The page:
Great Britain

From Russian YouTube to spinning on the spot: Hollywood’s tricks to playing drunk

Were there an Oscar for best on-screen drunk (which there really should be), it would be a close-run thing this year. My money would be on Aubrey Plaza, who provides a magnificent display of wastedness in her new movie, Black Bear. Playing a neurotic indie actor at the end of her tether, she spends half the movie stumbling, lurching, wailing and losing her dignity. She wasn’t actually drunk, of course. This is the great challenge: acting drunk when you’re sober is no easier than acting sober when you’re drunk. To get into the right frame of unsteadiness, Plaza would spin round until almost throwing up just before the scene. That’s commitment.

Giving her a run for her money this year would be Gary Oldman’s Mank (extra points for vomiting) or the ensemble cast of Another Round: four middle-aged Danish teachers who conduct a live experiment in alcoholic microdosing. You can guess how that goes. Again, there was no actual drinking on set. In order to precisely calibrate their drunkenness – “slightly merry” all the way to “bed-wettingly paralytic” – star Mads Mikkelsen and the rest of the cast went on a drinking “boot camp”. All-out drunkenness is the hardest, said Mikkelsen. For that, they watched a lot of Russian YouTube videos.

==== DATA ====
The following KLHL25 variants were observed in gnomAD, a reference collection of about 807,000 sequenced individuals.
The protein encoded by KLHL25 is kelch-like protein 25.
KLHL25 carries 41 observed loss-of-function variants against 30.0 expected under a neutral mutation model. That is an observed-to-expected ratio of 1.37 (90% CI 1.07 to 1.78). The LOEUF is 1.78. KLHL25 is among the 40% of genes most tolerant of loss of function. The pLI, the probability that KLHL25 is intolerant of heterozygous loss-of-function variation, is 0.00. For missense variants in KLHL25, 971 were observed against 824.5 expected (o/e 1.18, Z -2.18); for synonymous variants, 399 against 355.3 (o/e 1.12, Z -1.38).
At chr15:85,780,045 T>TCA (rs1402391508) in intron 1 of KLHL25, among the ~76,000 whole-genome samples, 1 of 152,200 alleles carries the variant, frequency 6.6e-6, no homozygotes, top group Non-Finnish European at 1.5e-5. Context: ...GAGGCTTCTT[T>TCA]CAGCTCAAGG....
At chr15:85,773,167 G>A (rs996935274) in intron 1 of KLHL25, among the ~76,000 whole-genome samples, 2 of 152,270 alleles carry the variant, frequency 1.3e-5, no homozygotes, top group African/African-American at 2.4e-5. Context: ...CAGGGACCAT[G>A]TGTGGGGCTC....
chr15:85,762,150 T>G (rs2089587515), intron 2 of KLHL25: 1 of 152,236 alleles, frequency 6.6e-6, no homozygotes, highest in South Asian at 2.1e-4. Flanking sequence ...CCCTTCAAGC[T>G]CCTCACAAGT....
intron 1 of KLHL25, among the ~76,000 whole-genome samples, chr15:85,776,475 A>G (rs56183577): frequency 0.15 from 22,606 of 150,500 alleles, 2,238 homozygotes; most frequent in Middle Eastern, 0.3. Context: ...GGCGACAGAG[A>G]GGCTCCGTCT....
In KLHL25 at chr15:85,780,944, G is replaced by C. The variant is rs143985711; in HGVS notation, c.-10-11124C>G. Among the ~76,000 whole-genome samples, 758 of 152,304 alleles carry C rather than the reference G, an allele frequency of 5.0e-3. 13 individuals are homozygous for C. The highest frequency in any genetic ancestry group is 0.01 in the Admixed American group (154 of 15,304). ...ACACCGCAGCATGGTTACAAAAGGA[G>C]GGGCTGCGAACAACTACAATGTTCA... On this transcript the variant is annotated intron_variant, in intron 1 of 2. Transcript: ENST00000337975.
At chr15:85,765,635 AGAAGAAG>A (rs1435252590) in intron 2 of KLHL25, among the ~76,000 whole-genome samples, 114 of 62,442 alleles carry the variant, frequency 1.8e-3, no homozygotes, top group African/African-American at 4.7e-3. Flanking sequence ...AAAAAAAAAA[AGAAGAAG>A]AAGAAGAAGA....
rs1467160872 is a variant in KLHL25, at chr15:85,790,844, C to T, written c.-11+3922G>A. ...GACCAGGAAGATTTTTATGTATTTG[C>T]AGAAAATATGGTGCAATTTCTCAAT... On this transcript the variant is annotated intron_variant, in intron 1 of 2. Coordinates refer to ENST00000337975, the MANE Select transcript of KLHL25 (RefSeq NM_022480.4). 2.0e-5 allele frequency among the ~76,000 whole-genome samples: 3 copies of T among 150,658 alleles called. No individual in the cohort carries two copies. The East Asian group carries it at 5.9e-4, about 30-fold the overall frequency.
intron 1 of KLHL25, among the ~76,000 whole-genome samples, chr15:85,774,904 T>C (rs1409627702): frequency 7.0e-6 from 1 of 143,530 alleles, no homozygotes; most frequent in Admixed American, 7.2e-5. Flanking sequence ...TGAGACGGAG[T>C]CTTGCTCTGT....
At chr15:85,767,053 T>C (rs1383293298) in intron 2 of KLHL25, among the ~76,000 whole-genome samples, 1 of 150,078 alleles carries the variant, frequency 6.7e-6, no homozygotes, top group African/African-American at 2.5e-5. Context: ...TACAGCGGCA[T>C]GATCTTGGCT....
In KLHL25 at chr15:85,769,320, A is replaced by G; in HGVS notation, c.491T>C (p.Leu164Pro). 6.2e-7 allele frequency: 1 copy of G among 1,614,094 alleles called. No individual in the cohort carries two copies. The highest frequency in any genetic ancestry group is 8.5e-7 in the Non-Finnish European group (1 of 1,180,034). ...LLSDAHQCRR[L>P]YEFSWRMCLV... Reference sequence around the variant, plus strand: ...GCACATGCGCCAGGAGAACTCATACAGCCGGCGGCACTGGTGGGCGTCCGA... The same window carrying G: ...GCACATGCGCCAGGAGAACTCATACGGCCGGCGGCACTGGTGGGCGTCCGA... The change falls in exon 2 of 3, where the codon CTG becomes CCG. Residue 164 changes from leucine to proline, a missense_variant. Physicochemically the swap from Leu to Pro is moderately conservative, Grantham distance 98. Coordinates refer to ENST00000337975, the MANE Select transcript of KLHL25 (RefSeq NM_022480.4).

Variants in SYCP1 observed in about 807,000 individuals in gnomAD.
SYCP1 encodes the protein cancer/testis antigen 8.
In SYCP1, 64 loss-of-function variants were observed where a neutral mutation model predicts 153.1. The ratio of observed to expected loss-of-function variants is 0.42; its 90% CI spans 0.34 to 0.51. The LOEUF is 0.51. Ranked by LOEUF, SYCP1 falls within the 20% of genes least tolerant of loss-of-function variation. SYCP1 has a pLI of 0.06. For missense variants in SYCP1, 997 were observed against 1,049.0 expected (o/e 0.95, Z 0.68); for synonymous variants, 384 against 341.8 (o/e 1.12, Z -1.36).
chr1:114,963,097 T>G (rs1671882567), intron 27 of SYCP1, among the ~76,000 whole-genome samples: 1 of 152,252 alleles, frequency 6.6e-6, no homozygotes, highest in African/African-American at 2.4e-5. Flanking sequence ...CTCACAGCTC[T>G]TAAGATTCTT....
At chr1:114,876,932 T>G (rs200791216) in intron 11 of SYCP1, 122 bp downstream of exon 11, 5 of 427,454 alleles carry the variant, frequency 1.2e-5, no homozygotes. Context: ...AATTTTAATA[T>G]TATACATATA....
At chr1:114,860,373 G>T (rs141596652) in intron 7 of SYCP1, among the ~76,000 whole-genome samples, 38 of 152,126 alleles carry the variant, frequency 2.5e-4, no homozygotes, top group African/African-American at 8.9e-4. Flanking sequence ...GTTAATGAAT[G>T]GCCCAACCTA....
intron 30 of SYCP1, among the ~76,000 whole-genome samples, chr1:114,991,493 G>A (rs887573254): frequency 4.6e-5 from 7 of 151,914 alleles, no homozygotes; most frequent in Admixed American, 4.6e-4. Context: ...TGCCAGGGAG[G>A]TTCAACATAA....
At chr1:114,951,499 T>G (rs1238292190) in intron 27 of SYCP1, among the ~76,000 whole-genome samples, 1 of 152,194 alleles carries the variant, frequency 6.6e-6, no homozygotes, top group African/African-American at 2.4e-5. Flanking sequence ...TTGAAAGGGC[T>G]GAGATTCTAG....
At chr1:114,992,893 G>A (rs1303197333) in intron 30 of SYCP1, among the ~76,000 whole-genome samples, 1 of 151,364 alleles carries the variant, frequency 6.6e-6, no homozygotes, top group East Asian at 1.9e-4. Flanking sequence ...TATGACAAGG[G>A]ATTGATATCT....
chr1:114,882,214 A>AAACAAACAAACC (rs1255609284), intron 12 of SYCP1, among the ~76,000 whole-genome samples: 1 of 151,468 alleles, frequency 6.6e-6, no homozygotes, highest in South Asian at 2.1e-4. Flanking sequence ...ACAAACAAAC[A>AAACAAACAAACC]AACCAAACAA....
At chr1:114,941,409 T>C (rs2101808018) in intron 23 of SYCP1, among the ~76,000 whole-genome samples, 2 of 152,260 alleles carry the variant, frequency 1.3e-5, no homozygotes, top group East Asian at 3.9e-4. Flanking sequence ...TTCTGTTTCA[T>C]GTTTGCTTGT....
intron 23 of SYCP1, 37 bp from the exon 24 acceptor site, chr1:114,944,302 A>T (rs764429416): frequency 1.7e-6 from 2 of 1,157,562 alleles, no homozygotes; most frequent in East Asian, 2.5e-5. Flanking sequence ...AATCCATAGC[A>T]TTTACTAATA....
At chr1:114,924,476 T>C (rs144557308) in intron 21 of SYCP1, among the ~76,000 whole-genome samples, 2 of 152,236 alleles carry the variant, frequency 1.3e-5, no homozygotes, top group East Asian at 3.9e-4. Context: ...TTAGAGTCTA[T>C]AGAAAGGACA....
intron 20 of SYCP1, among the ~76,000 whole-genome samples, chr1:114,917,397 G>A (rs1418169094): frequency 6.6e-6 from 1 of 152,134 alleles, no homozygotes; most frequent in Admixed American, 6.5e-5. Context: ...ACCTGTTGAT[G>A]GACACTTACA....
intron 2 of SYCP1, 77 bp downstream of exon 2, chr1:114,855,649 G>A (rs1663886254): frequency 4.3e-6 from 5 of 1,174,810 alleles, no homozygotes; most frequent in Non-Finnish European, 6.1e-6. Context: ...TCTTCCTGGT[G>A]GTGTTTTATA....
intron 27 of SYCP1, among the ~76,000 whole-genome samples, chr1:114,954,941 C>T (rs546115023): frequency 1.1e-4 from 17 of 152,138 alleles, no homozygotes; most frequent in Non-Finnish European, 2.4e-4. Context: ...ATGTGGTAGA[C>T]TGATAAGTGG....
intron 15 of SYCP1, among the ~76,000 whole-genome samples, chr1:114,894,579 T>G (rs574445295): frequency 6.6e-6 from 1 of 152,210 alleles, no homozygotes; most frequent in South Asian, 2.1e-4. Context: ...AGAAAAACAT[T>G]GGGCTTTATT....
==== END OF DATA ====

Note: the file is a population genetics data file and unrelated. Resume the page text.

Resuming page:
Another Round tackles humanity’s messy relationship with alcohol head-on. Mikkelsen reminds his class that great leaders such as Winston Churchill and Franklin D Roosevelt were high-functioning drunks while Hitler was teetotal. It’s similar with the movies. Old-school hellraisers such as Oliver Reed and Christopher Plummer needed no research on acting drunk, having spent much of their free time “rehearsing”. A few years ago, Plummer recalled how film-making in 1960s Britain usually meant downing tools after lunch – a long, boozy affair that left cast and crew too “pie-eyed” to do anything till the next morning.

There is always the “do it for real” approach to onscreen drunkenness, but it rarely ends well. Look at John Cassavetes’s Husbands, for example, in which he, Peter Falk and Ben Gazzara “play” three buddies on an extended drinking binge, which includes bullying women, vomiting and interminable rambling. And while the list of classic drunk films is long and illustrious, some of them look less charming in retrospect: the frat boys of Animal House, for example, or the entitled antics of Dudley Moore’s Arthur.

Raising the game this year, in both cautionary drinking tales and the drunk-acting category, is Carey Mulligan, star of Promising Young Woman. Her character’s strategy is to pretend she’s drunk, in order to expose predatory men all too ready to take advantage of her vulnerable state. So Mulligan isn’t simply acting drunk; she’s acting acting drunk. There ought to be a special Oscar for that.

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